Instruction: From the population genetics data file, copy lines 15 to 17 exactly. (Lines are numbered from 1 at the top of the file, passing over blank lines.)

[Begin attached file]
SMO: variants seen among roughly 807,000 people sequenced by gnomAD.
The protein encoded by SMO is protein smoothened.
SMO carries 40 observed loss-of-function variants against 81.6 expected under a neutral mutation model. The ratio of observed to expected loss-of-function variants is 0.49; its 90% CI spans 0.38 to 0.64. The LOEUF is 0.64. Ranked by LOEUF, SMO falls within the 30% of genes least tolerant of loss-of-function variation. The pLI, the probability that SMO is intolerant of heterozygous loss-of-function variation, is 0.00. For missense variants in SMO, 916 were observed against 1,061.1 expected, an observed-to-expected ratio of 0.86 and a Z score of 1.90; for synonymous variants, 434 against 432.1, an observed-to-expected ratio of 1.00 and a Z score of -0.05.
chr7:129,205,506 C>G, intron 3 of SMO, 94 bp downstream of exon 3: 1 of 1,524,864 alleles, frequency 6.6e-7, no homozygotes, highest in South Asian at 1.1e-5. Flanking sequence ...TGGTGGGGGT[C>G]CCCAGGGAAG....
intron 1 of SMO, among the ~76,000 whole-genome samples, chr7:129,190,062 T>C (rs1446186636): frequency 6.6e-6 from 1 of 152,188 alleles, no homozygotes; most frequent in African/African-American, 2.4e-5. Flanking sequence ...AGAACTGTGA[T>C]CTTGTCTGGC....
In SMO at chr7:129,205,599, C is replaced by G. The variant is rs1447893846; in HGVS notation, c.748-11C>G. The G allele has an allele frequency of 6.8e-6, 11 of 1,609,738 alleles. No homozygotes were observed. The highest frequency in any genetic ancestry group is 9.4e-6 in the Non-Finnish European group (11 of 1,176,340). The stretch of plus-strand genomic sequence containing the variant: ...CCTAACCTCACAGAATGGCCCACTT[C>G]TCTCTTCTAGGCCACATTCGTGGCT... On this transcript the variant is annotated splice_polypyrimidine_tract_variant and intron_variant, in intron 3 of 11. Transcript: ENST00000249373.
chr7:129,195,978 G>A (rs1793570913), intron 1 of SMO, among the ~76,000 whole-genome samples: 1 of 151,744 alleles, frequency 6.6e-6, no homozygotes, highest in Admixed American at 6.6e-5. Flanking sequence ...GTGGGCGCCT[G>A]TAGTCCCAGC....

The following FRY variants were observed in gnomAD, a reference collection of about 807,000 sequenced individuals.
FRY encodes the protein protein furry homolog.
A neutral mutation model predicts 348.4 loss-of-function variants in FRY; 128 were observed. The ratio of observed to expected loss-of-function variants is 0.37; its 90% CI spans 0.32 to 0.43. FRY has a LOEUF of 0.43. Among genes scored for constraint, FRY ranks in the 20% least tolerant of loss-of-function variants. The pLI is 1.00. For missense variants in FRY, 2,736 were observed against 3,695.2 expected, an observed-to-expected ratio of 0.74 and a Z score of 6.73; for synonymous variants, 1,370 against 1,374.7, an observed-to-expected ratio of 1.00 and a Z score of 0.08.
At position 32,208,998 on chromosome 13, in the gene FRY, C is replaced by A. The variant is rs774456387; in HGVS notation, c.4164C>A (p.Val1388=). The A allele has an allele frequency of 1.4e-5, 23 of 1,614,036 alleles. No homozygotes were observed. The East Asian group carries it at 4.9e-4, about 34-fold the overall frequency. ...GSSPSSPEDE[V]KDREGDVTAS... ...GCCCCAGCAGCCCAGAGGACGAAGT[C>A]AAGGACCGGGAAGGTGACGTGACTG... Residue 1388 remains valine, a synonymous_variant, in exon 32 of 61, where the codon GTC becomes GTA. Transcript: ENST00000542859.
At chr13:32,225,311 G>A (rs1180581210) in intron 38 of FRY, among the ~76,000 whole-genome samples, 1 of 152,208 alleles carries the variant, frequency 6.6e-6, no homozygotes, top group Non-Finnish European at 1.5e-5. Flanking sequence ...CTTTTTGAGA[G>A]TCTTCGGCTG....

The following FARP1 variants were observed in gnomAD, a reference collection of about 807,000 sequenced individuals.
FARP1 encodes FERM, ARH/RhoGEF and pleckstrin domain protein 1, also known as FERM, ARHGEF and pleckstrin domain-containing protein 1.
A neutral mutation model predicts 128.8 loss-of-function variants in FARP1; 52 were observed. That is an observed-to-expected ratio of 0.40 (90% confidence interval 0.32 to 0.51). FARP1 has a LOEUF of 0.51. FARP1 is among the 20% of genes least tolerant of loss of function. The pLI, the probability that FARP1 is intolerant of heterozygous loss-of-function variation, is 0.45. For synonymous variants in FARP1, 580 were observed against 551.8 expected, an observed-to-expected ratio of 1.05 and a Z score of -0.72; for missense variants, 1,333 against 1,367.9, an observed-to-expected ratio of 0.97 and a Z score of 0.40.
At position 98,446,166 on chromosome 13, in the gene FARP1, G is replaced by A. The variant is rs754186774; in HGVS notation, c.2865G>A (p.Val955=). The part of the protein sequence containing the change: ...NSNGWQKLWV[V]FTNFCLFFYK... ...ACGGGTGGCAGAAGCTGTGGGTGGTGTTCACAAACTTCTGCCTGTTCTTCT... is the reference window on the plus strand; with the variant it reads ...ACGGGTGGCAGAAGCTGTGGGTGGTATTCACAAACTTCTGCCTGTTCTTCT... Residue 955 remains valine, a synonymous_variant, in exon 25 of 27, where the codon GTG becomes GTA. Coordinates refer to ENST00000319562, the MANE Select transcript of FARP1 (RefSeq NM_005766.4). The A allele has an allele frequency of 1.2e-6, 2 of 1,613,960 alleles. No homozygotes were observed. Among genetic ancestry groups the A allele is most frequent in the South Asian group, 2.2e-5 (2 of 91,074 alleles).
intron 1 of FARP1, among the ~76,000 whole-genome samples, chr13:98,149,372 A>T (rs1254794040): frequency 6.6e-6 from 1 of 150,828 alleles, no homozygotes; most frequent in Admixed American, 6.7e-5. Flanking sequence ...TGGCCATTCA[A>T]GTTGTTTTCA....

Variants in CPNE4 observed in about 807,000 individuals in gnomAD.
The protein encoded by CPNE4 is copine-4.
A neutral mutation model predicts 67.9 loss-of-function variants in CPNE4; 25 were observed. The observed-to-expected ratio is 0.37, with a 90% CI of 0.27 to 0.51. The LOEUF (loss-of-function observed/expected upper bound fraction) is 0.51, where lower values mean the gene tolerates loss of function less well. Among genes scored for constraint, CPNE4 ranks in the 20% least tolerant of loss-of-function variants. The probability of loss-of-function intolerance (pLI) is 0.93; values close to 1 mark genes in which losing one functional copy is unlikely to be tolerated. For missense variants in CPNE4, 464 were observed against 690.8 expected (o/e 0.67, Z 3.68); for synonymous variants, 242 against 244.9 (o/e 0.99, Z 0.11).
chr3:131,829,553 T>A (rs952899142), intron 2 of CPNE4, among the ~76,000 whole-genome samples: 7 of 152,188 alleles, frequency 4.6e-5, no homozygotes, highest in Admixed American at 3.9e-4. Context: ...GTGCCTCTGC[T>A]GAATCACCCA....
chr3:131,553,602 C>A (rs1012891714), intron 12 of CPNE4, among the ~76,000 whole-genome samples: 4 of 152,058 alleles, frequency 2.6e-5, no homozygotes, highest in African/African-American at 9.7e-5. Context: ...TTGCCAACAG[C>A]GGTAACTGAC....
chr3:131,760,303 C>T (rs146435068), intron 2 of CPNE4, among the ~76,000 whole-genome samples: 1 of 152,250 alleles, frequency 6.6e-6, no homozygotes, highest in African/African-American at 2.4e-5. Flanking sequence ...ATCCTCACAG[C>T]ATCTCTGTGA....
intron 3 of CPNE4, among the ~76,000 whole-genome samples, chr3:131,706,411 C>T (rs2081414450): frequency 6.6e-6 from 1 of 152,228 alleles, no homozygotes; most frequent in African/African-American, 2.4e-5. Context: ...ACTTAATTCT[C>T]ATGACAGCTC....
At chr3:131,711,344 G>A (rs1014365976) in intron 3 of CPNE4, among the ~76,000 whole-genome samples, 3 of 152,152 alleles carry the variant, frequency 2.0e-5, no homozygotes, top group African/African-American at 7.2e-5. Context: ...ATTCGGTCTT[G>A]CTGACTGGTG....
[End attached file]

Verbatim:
A neutral mutation model predicts 128.8 loss-of-function variants in FARP1; 52 were observed. That is an observed-to-expected ratio of 0.40 (90% confidence interval 0.32 to 0.51). FARP1 has a LOEUF of 0.51. FARP1 is among the 20% of genes least tolerant of loss of function. The pLI, the probability that FARP1 is intolerant of heterozygous loss-of-function variation, is 0.45. For synonymous variants in FARP1, 580 were observed against 551.8 expected, an observed-to-expected ratio of 1.05 and a Z score of -0.72; for missense variants, 1,333 against 1,367.9, an observed-to-expected ratio of 0.97 and a Z score of 0.40.
At position 98,446,166 on chromosome 13, in the gene FARP1, G is replaced by A. The variant is rs754186774; in HGVS notation, c.2865G>A (p.Val955=). The part of the protein sequence containing the change: ...NSNGWQKLWV[V]FTNFCLFFYK... ...ACGGGTGGCAGAAGCTGTGGGTGGTGTTCACAAACTTCTGCCTGTTCTTCT... is the reference window on the plus strand; with the variant it reads ...ACGGGTGGCAGAAGCTGTGGGTGGTATTCACAAACTTCTGCCTGTTCTTCT... Residue 955 remains valine, a synonymous_variant, in exon 25 of 27, where the codon GTG becomes GTA. Coordinates refer to ENST00000319562, the MANE Select transcript of FARP1 (RefSeq NM_005766.4). The A allele has an allele frequency of 1.2e-6, 2 of 1,613,960 alleles. No homozygotes were observed. Among genetic ancestry groups the A allele is most frequent in the South Asian group, 2.2e-5 (2 of 91,074 alleles).
intron 1 of FARP1, among the ~76,000 whole-genome samples, chr13:98,149,372 A>T (rs1254794040): frequency 6.6e-6 from 1 of 150,828 alleles, no homozygotes; most frequent in Admixed American, 6.7e-5. Flanking sequence ...TGGCCATTCA[A>T]GTTGTTTTCA....